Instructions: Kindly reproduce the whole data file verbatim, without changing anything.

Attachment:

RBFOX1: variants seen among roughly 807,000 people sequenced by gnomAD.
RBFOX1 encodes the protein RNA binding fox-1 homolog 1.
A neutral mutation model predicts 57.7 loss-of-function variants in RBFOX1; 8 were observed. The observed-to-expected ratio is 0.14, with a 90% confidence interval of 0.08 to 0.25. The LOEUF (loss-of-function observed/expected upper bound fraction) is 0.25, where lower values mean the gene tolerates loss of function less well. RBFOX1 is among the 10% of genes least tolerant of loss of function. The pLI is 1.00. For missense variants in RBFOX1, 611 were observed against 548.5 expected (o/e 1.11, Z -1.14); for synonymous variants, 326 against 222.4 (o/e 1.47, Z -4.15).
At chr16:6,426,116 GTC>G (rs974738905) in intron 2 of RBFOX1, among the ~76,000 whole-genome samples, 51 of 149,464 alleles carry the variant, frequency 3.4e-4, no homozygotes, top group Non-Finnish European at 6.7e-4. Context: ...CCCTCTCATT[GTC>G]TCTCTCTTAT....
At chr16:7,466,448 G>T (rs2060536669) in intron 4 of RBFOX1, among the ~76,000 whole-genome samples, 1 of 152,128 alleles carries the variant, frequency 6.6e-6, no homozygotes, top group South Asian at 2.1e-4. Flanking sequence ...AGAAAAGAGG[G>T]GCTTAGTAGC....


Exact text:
RBFOX1: variants seen among roughly 807,000 people sequenced by gnomAD.
RBFOX1 encodes the protein RNA binding fox-1 homolog 1.
A neutral mutation model predicts 57.7 loss-of-function variants in RBFOX1; 8 were observed. The observed-to-expected ratio is 0.14, with a 90% confidence interval of 0.08 to 0.25. The LOEUF (loss-of-function observed/expected upper bound fraction) is 0.25, where lower values mean the gene tolerates loss of function less well. RBFOX1 is among the 10% of genes least tolerant of loss of function. The pLI is 1.00. For missense variants in RBFOX1, 611 were observed against 548.5 expected (o/e 1.11, Z -1.14); for synonymous variants, 326 against 222.4 (o/e 1.47, Z -4.15).
At chr16:6,426,116 GTC>G (rs974738905) in intron 2 of RBFOX1, among the ~76,000 whole-genome samples, 51 of 149,464 alleles carry the variant, frequency 3.4e-4, no homozygotes, top group Non-Finnish European at 6.7e-4. Context: ...CCCTCTCATT[GTC>G]TCTCTCTTAT....
At chr16:7,466,448 G>T (rs2060536669) in intron 4 of RBFOX1, among the ~76,000 whole-genome samples, 1 of 152,128 alleles carries the variant, frequency 6.6e-6, no homozygotes, top group South Asian at 2.1e-4. Flanking sequence ...AGAAAAGAGG[G>T]GCTTAGTAGC....